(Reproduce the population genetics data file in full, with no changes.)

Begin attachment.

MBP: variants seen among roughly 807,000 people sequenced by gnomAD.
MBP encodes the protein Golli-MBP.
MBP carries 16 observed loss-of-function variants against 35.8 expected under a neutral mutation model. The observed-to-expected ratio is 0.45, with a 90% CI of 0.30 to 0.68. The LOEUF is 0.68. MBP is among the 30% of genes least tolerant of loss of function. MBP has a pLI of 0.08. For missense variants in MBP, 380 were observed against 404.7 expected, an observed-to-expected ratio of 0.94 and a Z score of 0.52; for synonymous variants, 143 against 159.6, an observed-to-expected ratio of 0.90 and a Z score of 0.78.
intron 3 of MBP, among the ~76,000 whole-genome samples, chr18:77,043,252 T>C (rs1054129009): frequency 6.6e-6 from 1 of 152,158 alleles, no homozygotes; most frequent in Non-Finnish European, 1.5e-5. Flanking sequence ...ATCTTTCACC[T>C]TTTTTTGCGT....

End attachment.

MBP: variants seen among roughly 807,000 people sequenced by gnomAD.
MBP encodes the protein Golli-MBP.
MBP carries 16 observed loss-of-function variants against 35.8 expected under a neutral mutation model. The observed-to-expected ratio is 0.45, with a 90% CI of 0.30 to 0.68. The LOEUF is 0.68. MBP is among the 30% of genes least tolerant of loss of function. MBP has a pLI of 0.08. For missense variants in MBP, 380 were observed against 404.7 expected, an observed-to-expected ratio of 0.94 and a Z score of 0.52; for synonymous variants, 143 against 159.6, an observed-to-expected ratio of 0.90 and a Z score of 0.78.
intron 3 of MBP, among the ~76,000 whole-genome samples, chr18:77,043,252 T>C (rs1054129009): frequency 6.6e-6 from 1 of 152,158 alleles, no homozygotes; most frequent in Non-Finnish European, 1.5e-5. Flanking sequence ...ATCTTTCACC[T>C]TTTTTTGCGT....